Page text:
Pairwise, Magnitude, or Stars: What’s the Best Way for Crowds to Rate?

IS THE UBIQUITOUS FIVE STAR RATING SYSTEM IMPROVABLE?
We compare three popular techniques of rating content: five star rating, pairwise comparison, and magnitude estimation.

We collected 39 000 ratings on a popular crowdsourcing platform, allowing us to release a dataset that will be useful for many related studies on user rating techniques.
The dataset is available here.

METHODOLOGY
We ask each worker to rate 10 popular paintings using 3 rating methods:

  • Magnitude: Using any positive number (zero excluded).
  • Star: Choosing between 1 to 5 stars.
  • Pairwise: Pairwise comparisons between two images, with no ties allowed.

We run 6 different experiments (one for each combination of these three types) with 100 participants in each of them. We can thus analyze the bias given by the rating system order, and the results without order bias by using the aggregated data.

At the end of the rating activity in the task, we dynamically build the three painting rankings induced by the choices of the participant, and ask them which of the three rankings better reflects their preference (the ranking comparison is blind: There is no indication on how each ranking has been obtained, and their order is randomized).

Graphical interface to let the worker express their preference on the ranking induced by their own ratings
Graphical interface to let the worker express their preference on the ranking induced by their own ratings

WHAT’S THE PREFERRED TECHNIQUE?
Participants clearly prefer the ranking obtained from their pairwise comparisons.  We notice a memory bias effect: The last technique used is more likely to get the most accurate description of the real user preference. Despite this, the pairwise comparison technique obtained the maximum number of preferences in all cases.

Number of expression of preference of the ranking induced by the three different techniques, grouped by the order in which the tests have been run
Number of expression of preference of the ranking induced by the three different techniques

EFFORT
While the pairwise comparison technique clearly requires more time than the other techniques, it would be comparable in terms of time with the other techniques using a dynamic test system (of order NlogN).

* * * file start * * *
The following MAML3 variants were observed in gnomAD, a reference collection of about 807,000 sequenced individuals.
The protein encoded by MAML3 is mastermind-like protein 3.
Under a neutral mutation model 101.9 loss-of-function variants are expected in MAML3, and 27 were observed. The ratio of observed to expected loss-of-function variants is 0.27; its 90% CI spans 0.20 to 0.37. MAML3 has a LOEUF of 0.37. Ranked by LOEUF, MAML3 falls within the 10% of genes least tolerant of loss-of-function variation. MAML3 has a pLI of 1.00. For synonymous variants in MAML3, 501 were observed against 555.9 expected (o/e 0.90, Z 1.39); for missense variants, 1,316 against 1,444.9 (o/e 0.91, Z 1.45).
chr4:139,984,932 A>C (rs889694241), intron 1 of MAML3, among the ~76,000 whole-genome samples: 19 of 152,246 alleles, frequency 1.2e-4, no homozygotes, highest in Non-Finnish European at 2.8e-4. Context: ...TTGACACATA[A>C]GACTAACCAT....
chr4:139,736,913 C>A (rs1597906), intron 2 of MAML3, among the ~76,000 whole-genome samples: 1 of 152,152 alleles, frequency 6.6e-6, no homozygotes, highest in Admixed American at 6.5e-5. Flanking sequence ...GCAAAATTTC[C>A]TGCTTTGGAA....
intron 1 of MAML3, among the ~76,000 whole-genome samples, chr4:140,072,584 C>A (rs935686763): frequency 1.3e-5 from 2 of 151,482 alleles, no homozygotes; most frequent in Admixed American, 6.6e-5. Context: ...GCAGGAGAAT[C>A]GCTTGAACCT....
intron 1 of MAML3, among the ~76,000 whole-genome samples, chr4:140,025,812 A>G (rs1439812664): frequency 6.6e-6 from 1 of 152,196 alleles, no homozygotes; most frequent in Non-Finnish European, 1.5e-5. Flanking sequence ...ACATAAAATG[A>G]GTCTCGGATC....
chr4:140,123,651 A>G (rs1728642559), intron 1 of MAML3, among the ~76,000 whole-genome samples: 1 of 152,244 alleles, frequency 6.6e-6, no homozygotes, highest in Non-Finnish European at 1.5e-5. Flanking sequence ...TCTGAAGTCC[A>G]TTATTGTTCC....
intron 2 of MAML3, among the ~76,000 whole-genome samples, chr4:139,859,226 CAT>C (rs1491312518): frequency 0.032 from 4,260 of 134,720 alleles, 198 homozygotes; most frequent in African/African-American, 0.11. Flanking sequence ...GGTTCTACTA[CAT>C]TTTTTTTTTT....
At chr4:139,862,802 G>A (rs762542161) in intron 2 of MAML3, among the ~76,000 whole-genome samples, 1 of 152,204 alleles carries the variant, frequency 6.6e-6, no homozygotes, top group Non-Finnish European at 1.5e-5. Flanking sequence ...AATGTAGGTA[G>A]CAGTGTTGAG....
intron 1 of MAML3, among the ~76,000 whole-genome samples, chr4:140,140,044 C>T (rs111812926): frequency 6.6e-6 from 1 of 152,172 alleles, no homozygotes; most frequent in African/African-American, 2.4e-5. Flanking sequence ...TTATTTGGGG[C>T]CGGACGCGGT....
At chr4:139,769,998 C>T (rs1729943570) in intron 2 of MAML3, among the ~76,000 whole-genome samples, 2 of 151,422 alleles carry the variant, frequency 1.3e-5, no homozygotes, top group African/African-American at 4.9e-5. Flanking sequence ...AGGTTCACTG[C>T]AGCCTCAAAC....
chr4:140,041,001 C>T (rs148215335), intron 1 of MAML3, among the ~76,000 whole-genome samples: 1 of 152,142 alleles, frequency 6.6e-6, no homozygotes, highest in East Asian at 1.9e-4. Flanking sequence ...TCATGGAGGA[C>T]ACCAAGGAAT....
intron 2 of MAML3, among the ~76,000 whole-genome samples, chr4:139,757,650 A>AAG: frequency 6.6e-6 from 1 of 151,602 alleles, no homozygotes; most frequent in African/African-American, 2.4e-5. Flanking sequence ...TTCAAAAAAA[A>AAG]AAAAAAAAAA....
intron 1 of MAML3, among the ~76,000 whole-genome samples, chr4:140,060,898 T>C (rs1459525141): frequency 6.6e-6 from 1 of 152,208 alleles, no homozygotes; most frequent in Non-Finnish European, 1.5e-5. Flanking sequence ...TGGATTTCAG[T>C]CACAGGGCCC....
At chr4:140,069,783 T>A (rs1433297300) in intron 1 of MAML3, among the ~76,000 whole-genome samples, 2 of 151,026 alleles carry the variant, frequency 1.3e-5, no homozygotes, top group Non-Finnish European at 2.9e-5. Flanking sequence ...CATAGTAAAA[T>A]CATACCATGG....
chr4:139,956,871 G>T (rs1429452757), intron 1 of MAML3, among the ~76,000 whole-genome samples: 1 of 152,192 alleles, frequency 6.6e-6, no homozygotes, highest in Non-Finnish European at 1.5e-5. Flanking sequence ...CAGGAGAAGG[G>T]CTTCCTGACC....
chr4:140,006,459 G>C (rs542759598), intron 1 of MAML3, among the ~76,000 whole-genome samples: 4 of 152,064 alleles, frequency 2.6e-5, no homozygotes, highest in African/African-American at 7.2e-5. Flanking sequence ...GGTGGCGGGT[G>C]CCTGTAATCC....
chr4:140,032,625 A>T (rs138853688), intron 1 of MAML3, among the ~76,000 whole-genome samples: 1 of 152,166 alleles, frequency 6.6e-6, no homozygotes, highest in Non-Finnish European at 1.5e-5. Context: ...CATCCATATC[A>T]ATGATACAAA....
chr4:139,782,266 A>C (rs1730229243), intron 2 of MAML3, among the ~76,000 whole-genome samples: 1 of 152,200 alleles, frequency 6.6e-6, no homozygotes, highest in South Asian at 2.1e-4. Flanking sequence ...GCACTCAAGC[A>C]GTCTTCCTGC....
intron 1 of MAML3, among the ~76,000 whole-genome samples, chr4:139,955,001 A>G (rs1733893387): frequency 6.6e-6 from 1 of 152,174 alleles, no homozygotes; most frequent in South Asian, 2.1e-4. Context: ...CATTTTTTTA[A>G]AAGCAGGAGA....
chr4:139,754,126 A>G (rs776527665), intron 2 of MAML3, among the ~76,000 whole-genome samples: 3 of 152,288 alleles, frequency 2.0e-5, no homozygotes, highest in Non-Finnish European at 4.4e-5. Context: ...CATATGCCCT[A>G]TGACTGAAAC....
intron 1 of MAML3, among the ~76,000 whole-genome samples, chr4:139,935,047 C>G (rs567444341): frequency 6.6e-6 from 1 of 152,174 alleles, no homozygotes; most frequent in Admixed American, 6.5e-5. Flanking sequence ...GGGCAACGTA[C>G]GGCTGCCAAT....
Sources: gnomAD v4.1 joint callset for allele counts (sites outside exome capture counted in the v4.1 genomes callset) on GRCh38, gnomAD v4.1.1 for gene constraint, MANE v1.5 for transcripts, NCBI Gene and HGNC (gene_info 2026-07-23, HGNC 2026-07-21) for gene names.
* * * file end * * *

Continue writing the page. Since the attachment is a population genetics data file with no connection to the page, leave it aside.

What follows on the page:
Average time per test, grouped by the order in which the tests have been run
Average time per test

WHAT DID WE LEARN?

  • Star rating is confirmed to be the most familiar way for users to rate content.
  • Magnitude is unintuitive with no added benefit.
  • Pairwise comparison, while requiring a higher number of low-effort user ratings, best reflects intrinsic user preferences and seems to be a promising alternative.

For more, see our full paper, Pairwise, Magnitude, or Stars: What’s the Best Way for Crowds to Rate?

Alessandro Checco, Information School, University of Sheffield
Gianluca Demartini, Information School, University of Sheffield

About the author

Alessandro Checco

Alessandro Checco graduated from the University of Rome "Tor Vergata", Italy, in 2010.
He received his Ph.D. in mathematics from the Hamilton Institute, NUI Maynooth in 2014, where his research was focused on resource allocation in wireless networks and decentralised algorithm design.
In 2015 he worked on recommender systems as a postdoctoral researcher in Trinity College, Dublin.
He is currently a postdoctoral researcher at the Information School, Sheffield University, UK, where his main research interests are web information retrieval, human computation and data privacy.

View all posts

2 Comments

  • Thanks so much for releasing the dataset.

    This is a really interesting problem. I assume that pairwise rating are more expensive to get a full rating from because you need a lot more of them. How would you compare the overall cost-benefit trade off pairwise vs. absolute ranking?

    • Thanks for your comment!

      That is true, but only partially: it seems that pairwise comparison are less noisy, being scale invariant and less subject to time bias effects (like I there a new item that is better than the previous one but I gave 5 stars to the previous so I am flattening my future ratings) so what we lose in number of ratings might be recovered in precision. It is definitely worth to be explored!